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2.2 Making our Filter Declarative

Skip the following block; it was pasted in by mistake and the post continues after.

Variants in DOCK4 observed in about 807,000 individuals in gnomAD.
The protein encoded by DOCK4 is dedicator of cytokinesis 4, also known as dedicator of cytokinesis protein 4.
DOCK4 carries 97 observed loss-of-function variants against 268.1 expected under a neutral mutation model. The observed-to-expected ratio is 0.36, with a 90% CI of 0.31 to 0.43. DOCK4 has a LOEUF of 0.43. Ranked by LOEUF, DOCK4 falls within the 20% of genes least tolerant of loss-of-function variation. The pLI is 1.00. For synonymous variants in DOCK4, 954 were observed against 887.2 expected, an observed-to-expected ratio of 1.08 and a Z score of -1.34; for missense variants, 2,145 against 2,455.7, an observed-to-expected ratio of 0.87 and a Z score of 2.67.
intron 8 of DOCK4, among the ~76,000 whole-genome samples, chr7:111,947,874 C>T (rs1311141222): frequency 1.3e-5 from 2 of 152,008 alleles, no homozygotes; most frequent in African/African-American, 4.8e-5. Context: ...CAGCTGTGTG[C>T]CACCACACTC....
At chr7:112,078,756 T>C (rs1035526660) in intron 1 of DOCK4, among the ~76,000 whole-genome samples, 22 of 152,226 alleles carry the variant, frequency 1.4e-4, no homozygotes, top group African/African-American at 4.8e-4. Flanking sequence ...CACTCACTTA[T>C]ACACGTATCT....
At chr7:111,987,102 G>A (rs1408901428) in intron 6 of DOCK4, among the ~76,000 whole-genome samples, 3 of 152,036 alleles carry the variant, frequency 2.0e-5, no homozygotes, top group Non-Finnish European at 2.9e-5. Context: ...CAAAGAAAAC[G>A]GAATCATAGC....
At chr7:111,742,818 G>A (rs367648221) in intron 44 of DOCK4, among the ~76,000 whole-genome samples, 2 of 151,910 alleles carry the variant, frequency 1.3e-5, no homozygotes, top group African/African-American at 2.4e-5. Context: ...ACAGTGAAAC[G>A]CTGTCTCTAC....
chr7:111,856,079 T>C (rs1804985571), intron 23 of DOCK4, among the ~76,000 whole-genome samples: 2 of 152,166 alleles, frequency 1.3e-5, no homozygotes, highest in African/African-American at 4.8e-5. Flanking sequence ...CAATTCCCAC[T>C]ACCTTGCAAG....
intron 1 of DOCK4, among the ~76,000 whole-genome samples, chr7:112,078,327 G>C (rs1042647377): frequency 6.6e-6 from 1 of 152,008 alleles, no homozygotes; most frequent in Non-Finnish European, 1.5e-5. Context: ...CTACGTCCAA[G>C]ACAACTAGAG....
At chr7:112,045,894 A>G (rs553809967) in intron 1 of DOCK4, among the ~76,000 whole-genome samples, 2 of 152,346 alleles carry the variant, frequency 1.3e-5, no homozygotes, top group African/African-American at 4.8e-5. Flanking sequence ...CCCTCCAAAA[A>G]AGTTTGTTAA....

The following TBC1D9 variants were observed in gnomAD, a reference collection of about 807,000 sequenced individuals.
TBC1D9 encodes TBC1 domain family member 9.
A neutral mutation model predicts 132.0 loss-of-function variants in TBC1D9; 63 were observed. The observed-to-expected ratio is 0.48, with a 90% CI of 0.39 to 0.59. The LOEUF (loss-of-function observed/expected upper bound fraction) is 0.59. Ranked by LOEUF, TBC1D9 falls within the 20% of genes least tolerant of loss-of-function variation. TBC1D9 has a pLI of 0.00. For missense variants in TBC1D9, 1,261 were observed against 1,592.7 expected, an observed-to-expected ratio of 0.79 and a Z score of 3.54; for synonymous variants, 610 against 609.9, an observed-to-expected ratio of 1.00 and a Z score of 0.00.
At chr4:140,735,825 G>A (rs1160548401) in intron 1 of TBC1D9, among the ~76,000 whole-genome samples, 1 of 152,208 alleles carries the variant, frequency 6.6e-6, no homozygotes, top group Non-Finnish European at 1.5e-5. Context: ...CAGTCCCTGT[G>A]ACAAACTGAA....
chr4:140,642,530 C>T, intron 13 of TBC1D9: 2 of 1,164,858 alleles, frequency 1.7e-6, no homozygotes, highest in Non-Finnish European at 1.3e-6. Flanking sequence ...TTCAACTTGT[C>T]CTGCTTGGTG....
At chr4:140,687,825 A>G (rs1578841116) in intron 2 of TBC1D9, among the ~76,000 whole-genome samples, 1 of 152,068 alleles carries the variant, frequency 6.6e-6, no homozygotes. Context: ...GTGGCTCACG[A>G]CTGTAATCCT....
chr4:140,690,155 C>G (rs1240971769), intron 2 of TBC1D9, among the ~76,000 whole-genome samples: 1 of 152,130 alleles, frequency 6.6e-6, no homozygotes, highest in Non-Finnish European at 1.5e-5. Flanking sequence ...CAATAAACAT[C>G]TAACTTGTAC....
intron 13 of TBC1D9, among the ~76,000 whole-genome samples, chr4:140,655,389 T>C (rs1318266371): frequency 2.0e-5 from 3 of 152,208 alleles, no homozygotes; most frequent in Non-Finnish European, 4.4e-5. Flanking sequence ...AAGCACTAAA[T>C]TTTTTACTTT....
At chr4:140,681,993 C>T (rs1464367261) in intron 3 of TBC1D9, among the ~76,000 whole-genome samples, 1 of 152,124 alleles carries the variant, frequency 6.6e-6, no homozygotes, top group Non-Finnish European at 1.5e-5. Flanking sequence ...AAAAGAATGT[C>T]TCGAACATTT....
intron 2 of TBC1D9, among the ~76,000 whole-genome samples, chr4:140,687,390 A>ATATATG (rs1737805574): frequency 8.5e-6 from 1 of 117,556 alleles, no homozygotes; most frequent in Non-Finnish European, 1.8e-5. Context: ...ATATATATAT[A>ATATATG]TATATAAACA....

So, we've just gotten started doing a little bit of converting here from what started as more imperative style, and changing it over to be a more functional style. We did that with these two functions over here, loadBeers and setActiveFilter, and now we're gonna take it a step further and transfer or convert the filtering that's done down here. So, let's take a look at how we're doing it now in the, in imperative style. We're repeating the same for loop, so if you remember, wherever we're repeating code, it's a really good candidate for replacing with a function. So, you can see we're doing the same for loop over the beers list, and then, we're checking to see in each case if a certain key on each beer object matches a certain value. So, this should be o, a place where we can write a function to do this filtering for us. So, let's go back up here, where we're defining our functions at the top, and we'll do filterBeers. And, we're going to take the property and the value. Let's just go ahead and copy the domestic case. I'll actually cut that out of there. And we'll just swap out a few things. Okay? So, we can go ahead and just use the global beers cuz we're getting it up here now. Okay? So, we have access to it in the scope. We'll talk later about whether or not that's a good idea, but for now, we're just gonna leave that alone. And, so, we're looping over that and here we're hard coding the check against this locale property. And, so, instead we're gonna use bracket notation to swap in whatever the value of property is. And, then, we don't wanna check it against a hard coded string. I'm going to actually check it against the passed in value. And, so, we need to actually create our filtered beers array and pass it back. We'll push onto it if it matches the criteria. And then we'll return. So, now, we have a working filteredBeers function. Let's just try it with domestic. So, filteredBeers, now, now, in this scope, cuz we can run inside of this function here, synonymous function. So, we have this empty array filteredBeers, and we're gonna set it to be the result of our filter beers function that we just created. [SOUND] The property is locale and the value we care about here is domestic and let's refresh the page and we'll get all of our beers back and clicking on Domestic still does the filtering that we want. We haven't broken anything else. So, if we start to replace this, all right. So here's Imports. That works, so, here, we wanna know if type equals ipa or if type equals ale. So, our function doesn't handle this case yet. So, we need to do a little bit of modification to make sure our filter can adapt to whatever we want here. Let's take a look. My first thought is to just check right here and see if this is an array. So, we can use Array.isArray, [SOUND] and that will tell us if value is an array. But what if it is? Well, now, we actually have to do another for loop and then, do an if statement inside that. This function is getting to be pretty crazy and complicated. So, using this declared of style, I'm thinking maybe what we need to do is instead of this kind of hard coded property check. What if we created another function that did the comparison for us? Instead of doing this check we'll just do if compareValues. We'll pass it the beers, beer that were on the current object and the property and the value. [SOUND] And, that should take this information and convert it into a true or false to see if the criteria match the way we want them to. So, down here, we can create a new function, compareValues, which takes a beer or, in this case, we can even make it a little more generic and say, an item, a property [SOUND] and a value. [SOUND] And, if it's not an array, then, we can just return, does the item property equal the value? And that's our old case. So, everything up to now should work and then, what we have to do is now solve for the case where it is an array. So, otherwise, since we've already returned here, we don't have to do an else. We can just say otherwise will loop over, the value is an array there. Even though, it's still called value. And, now, for each of these, we'll check item property against value, but now, instead of the array itself, we'll actually get the, the item that we're on. So, if there's an array of values there, we wanna check each individual one, and if any of them are true, we will return true. And, otherwise, the end here, we can return false. So, if three returns, we return a check against the property and the value directly, if it's not an array. Otherwise, we have to check one. So, if at any point we find a match, we'll return true, and if it falls all the way through here because it never found a match, then we wanna return false. You should notice here that this means that this compare values function can only do or comparisons. So, if you give it, so, let's go ahead and look at what we're going to do, we're going to give it an ipa string and an ale string. Now, in our case, this is okay because it can never be both. But if you wanted to do a more complicated comparison, you wouldn't be able to, right? You couldn't even say, you couldn't do two properties. You couldn't say, can, if type is ipa and locale is domestic, like, there's no way to do that kind of mix and match on the filter. So, the filter is still pretty narrow. But, it's gonna address all the use cases that we have currently. So, we're gonna go with it for now. So, that means for here, filteredBeers, now equals filterBeers again, the same function. And, we'll do type, but Instead of just a string, we'll do an array where either ipa or ale. And, that's definitely nicer than this for loop for sure, cuz now, we can just look at this and say all right, we're filtering the beers on type, and we wanna know if anything is either an ipa or an ale. And, we'll just quickly add these other two for lager and stout, and now our switch statement is way more readable, right. You can look at this and say, it's still a little bit repetitive in places, maybe we could clean that up. But, from where we came from, this is a huge improvement, because now we can say, in the domestic case, we wanna filter the locale for domestic, and so on and so forth. And, this code just reads, it kind of self documents, and tells us what's going on inside of the code. So, let's save this and just make absolutely sure that it works. I'm gonna verify that for us. Domestic, Imports, Ales, Lager, Stouts, oh, we messed up the stout one. Oh, filteredBers isn't going to work. So, I'll just save that again, refresh, and we'll click on stats and we're back to everything working the way we want. [SOUND] So, this is a really good improvement like I said, but it also is fragile because the function that we just wrote is very specific. It does some comparisons in here that are specific to what we need right now, but if we were to need something more complicated at any point, we'd have to re-write these functions, and that's just not a great foundation to build on. If we want to give ourselves more power, to actually be flexible with this kind of filtering, we're gonna need to take advantage of something called higher-order functions, which is a huge, huge part of what makes something functional. And, so, we're gonna take a look at that in the next video.